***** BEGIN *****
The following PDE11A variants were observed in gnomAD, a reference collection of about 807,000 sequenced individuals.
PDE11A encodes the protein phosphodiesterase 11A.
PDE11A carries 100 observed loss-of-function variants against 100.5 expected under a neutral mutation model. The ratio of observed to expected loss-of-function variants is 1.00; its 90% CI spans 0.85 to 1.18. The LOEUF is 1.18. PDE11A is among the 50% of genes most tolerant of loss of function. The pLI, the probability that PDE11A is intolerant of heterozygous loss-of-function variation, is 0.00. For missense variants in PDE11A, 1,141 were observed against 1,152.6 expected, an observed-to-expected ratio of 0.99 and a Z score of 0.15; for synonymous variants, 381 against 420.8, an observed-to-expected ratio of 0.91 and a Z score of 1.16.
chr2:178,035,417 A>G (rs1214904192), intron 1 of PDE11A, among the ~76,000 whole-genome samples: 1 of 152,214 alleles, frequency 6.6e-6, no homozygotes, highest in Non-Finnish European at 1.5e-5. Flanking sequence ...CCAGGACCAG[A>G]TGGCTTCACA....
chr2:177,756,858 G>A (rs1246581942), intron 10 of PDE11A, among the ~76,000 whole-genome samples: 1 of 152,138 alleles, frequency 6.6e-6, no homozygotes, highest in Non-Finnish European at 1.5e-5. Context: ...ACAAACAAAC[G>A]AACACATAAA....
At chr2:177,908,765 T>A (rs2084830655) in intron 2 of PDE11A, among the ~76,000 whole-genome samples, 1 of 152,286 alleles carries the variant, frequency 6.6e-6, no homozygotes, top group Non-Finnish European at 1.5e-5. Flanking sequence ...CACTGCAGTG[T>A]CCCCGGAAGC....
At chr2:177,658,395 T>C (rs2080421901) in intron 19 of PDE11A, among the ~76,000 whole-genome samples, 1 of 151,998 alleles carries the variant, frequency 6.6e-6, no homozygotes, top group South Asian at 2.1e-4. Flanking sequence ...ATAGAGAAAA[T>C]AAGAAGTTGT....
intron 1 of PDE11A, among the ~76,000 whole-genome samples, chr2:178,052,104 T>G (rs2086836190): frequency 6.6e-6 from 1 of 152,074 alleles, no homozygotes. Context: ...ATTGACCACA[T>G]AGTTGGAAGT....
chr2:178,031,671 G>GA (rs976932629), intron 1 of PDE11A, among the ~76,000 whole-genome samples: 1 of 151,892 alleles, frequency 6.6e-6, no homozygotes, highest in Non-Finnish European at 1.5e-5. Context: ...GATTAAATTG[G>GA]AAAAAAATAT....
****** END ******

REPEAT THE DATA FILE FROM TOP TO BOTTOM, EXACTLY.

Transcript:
The following PDE11A variants were observed in gnomAD, a reference collection of about 807,000 sequenced individuals.
PDE11A encodes the protein phosphodiesterase 11A.
PDE11A carries 100 observed loss-of-function variants against 100.5 expected under a neutral mutation model. The ratio of observed to expected loss-of-function variants is 1.00; its 90% CI spans 0.85 to 1.18. The LOEUF is 1.18. PDE11A is among the 50% of genes most tolerant of loss of function. The pLI, the probability that PDE11A is intolerant of heterozygous loss-of-function variation, is 0.00. For missense variants in PDE11A, 1,141 were observed against 1,152.6 expected, an observed-to-expected ratio of 0.99 and a Z score of 0.15; for synonymous variants, 381 against 420.8, an observed-to-expected ratio of 0.91 and a Z score of 1.16.
chr2:178,035,417 A>G (rs1214904192), intron 1 of PDE11A, among the ~76,000 whole-genome samples: 1 of 152,214 alleles, frequency 6.6e-6, no homozygotes, highest in Non-Finnish European at 1.5e-5. Flanking sequence ...CCAGGACCAG[A>G]TGGCTTCACA....
chr2:177,756,858 G>A (rs1246581942), intron 10 of PDE11A, among the ~76,000 whole-genome samples: 1 of 152,138 alleles, frequency 6.6e-6, no homozygotes, highest in Non-Finnish European at 1.5e-5. Context: ...ACAAACAAAC[G>A]AACACATAAA....
At chr2:177,908,765 T>A (rs2084830655) in intron 2 of PDE11A, among the ~76,000 whole-genome samples, 1 of 152,286 alleles carries the variant, frequency 6.6e-6, no homozygotes, top group Non-Finnish European at 1.5e-5. Flanking sequence ...CACTGCAGTG[T>A]CCCCGGAAGC....
At chr2:177,658,395 T>C (rs2080421901) in intron 19 of PDE11A, among the ~76,000 whole-genome samples, 1 of 151,998 alleles carries the variant, frequency 6.6e-6, no homozygotes, top group South Asian at 2.1e-4. Flanking sequence ...ATAGAGAAAA[T>C]AAGAAGTTGT....
intron 1 of PDE11A, among the ~76,000 whole-genome samples, chr2:178,052,104 T>G (rs2086836190): frequency 6.6e-6 from 1 of 152,074 alleles, no homozygotes. Context: ...ATTGACCACA[T>G]AGTTGGAAGT....
chr2:178,031,671 G>GA (rs976932629), intron 1 of PDE11A, among the ~76,000 whole-genome samples: 1 of 151,892 alleles, frequency 6.6e-6, no homozygotes, highest in Non-Finnish European at 1.5e-5. Context: ...GATTAAATTG[G>GA]AAAAAAATAT....